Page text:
BIRN’s Kosovo War Film Screened in Banja Luka



BIRN’s documentary ‘The Unidentified’, about the Serbian fighters responsible for some of the worst atrocities of the Kosovo war, was screened for the first time in Bosnia’s Serb-dominated entity Republika Srpska.


BIRN, Banja Luka


The screening on Thursday at Banja Luka College drew a small audience of students, with the organisers, local NGO Ostra Nula, warning that there was a lack of interest in Repubika Srpska in war crimes committed by Serbs.

‘The Unidentified’ investigates attacks on Kosovo villages in 1999 and names those involved in an attempted cover-up operation to conceal the crimes, was screened for students of communications, security, journalism and law at Sarajevo University on Tuesday and Wednesday.

Drazana Lepir from the Ostra Nula NGO said that she was disappointed by the fact that so few students came to see the film, but that it was to be expected.

“This lack of interest is a problem because the issue of tackling war crimes is key to healing our community,” said Lepir.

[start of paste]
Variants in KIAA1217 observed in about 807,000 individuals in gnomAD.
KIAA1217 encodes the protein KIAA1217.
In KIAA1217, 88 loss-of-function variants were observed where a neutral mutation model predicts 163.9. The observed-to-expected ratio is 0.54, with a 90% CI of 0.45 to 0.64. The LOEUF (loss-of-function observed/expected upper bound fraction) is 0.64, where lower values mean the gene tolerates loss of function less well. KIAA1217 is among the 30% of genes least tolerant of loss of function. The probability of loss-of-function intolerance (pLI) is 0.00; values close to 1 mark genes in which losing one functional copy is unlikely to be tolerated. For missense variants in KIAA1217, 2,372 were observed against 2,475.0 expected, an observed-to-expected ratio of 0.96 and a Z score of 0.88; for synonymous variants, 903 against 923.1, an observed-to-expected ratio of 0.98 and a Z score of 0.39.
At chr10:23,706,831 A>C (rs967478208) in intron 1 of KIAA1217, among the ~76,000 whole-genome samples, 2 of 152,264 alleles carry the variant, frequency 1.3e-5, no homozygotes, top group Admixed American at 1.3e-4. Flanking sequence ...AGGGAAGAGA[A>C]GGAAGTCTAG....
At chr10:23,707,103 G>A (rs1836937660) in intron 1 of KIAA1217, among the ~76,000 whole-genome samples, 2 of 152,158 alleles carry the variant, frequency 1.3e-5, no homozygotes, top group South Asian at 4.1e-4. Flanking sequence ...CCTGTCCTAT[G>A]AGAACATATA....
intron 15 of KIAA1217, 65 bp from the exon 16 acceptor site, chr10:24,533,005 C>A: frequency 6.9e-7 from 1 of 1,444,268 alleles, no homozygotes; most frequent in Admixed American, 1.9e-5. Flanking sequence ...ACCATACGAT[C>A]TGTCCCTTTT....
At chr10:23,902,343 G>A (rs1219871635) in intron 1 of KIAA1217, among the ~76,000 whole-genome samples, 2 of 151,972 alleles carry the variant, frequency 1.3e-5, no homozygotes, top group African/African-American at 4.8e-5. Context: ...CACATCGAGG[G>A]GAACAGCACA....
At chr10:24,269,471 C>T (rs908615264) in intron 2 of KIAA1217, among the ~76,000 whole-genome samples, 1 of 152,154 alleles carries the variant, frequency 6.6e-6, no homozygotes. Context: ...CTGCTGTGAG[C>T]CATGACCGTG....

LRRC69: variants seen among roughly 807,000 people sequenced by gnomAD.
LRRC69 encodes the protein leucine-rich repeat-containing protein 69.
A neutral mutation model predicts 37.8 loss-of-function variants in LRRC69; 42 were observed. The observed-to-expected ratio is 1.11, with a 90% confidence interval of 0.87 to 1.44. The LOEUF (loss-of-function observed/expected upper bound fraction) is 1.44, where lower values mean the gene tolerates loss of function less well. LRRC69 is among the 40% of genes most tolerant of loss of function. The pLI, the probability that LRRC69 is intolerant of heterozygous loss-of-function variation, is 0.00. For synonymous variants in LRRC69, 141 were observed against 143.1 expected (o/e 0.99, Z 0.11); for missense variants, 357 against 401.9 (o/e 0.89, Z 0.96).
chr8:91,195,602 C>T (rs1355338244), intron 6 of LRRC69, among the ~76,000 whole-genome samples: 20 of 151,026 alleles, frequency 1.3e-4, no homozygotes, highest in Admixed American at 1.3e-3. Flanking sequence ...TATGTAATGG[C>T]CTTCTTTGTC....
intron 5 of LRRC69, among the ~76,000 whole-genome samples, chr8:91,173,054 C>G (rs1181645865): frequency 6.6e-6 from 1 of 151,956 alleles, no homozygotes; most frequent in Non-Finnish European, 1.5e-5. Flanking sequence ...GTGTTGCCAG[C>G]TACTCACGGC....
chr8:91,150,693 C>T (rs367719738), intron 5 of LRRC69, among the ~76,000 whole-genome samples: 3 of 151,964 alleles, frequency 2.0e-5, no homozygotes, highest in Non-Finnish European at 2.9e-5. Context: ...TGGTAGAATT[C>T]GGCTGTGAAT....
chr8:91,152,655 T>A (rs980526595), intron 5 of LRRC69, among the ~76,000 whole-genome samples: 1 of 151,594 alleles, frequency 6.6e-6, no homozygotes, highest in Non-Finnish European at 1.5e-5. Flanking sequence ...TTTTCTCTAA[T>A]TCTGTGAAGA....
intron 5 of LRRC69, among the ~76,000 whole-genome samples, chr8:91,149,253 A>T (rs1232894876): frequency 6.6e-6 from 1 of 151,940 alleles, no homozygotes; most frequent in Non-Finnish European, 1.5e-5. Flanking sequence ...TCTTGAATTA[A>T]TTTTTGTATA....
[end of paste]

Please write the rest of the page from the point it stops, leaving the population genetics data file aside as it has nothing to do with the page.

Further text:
‘The Unidentified’ takes viewers back to the villages of Ljubenic, Cuska, Pavljan and Zahac, near Pec/Peja in Kosovo, in the spring of 1999, when Serbian forces killed more than 118 Albanian civilians.

The victims’ bodies were burned or removed, and some of them were subsequently found in a mass grave at a police training centre in Batajnica, near Belgrade, in 2001.

Eleven former members of Serbian forces are on trial in Belgrade for committing those crimes.

In February 2014, nine men were sentenced to a total of 106 years in prison, but the appeals court quashed the verdict in March last year, saying it was “incomprehensible and contradictory”, and ordered a retrial.

One of the directors of the film, Nemanja Babic, said that the lack of interest was to be expected, because war crimes perpetrated by Serbs are also ignored in Serbia itself.

“After Kosovo’s declaration of independence, there was no political will to speak about crimes in that area,” said Babic.

BIRN Bosnia and Herzegovina editor Denis Dzidic spoke of the need to follow war crime trials and uncover any political influences on the proceedings.

“War crimes and politics in the Balkans are inseparable. In Bosnia we have elections every two years and the political elites use war crimes as a means to distract the public from problems of corruption,” said Dzidic.